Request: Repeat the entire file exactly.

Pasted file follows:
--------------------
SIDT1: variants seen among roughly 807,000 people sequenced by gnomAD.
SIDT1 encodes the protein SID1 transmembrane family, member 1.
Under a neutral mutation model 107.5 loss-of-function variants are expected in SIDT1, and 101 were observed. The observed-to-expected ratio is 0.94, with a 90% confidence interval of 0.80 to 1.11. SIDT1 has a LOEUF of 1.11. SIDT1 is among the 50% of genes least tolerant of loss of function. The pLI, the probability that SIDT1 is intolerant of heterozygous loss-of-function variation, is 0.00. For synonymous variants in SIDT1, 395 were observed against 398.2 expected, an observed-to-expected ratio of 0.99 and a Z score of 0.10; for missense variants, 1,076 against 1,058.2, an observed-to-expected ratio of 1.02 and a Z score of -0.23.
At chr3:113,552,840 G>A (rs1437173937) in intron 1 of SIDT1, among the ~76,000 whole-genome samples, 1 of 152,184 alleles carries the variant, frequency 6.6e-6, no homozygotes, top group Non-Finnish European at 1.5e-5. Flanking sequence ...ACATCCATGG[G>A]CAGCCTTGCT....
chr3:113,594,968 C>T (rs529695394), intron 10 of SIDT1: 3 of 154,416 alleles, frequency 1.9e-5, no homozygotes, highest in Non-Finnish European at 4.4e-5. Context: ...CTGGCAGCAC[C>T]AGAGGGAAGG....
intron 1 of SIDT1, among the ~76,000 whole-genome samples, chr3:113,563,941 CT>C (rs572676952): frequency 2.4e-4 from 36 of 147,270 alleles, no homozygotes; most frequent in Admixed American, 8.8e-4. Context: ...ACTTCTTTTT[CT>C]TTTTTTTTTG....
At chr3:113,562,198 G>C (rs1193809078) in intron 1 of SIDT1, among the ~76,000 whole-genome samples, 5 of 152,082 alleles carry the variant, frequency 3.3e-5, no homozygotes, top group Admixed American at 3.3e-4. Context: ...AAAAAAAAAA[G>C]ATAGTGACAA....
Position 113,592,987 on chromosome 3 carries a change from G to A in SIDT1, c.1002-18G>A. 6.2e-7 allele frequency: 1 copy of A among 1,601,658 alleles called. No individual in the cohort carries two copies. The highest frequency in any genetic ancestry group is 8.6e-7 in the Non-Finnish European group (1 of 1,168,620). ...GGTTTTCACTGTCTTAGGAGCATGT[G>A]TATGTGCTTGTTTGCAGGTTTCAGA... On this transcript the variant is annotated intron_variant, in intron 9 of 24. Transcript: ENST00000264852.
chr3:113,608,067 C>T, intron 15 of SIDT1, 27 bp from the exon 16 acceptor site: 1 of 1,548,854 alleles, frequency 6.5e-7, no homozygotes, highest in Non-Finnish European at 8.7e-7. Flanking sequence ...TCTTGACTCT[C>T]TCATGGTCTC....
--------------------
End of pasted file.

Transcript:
SIDT1: variants seen among roughly 807,000 people sequenced by gnomAD.
SIDT1 encodes the protein SID1 transmembrane family, member 1.
Under a neutral mutation model 107.5 loss-of-function variants are expected in SIDT1, and 101 were observed. The observed-to-expected ratio is 0.94, with a 90% confidence interval of 0.80 to 1.11. SIDT1 has a LOEUF of 1.11. SIDT1 is among the 50% of genes least tolerant of loss of function. The pLI, the probability that SIDT1 is intolerant of heterozygous loss-of-function variation, is 0.00. For synonymous variants in SIDT1, 395 were observed against 398.2 expected, an observed-to-expected ratio of 0.99 and a Z score of 0.10; for missense variants, 1,076 against 1,058.2, an observed-to-expected ratio of 1.02 and a Z score of -0.23.
At chr3:113,552,840 G>A (rs1437173937) in intron 1 of SIDT1, among the ~76,000 whole-genome samples, 1 of 152,184 alleles carries the variant, frequency 6.6e-6, no homozygotes, top group Non-Finnish European at 1.5e-5. Flanking sequence ...ACATCCATGG[G>A]CAGCCTTGCT....
chr3:113,594,968 C>T (rs529695394), intron 10 of SIDT1: 3 of 154,416 alleles, frequency 1.9e-5, no homozygotes, highest in Non-Finnish European at 4.4e-5. Context: ...CTGGCAGCAC[C>T]AGAGGGAAGG....
intron 1 of SIDT1, among the ~76,000 whole-genome samples, chr3:113,563,941 CT>C (rs572676952): frequency 2.4e-4 from 36 of 147,270 alleles, no homozygotes; most frequent in Admixed American, 8.8e-4. Context: ...ACTTCTTTTT[CT>C]TTTTTTTTTG....
At chr3:113,562,198 G>C (rs1193809078) in intron 1 of SIDT1, among the ~76,000 whole-genome samples, 5 of 152,082 alleles carry the variant, frequency 3.3e-5, no homozygotes, top group Admixed American at 3.3e-4. Context: ...AAAAAAAAAA[G>C]ATAGTGACAA....
Position 113,592,987 on chromosome 3 carries a change from G to A in SIDT1, c.1002-18G>A. 6.2e-7 allele frequency: 1 copy of A among 1,601,658 alleles called. No individual in the cohort carries two copies. The highest frequency in any genetic ancestry group is 8.6e-7 in the Non-Finnish European group (1 of 1,168,620). ...GGTTTTCACTGTCTTAGGAGCATGT[G>A]TATGTGCTTGTTTGCAGGTTTCAGA... On this transcript the variant is annotated intron_variant, in intron 9 of 24. Transcript: ENST00000264852.
chr3:113,608,067 C>T, intron 15 of SIDT1, 27 bp from the exon 16 acceptor site: 1 of 1,548,854 alleles, frequency 6.5e-7, no homozygotes, highest in Non-Finnish European at 8.7e-7. Flanking sequence ...TCTTGACTCT[C>T]TCATGGTCTC....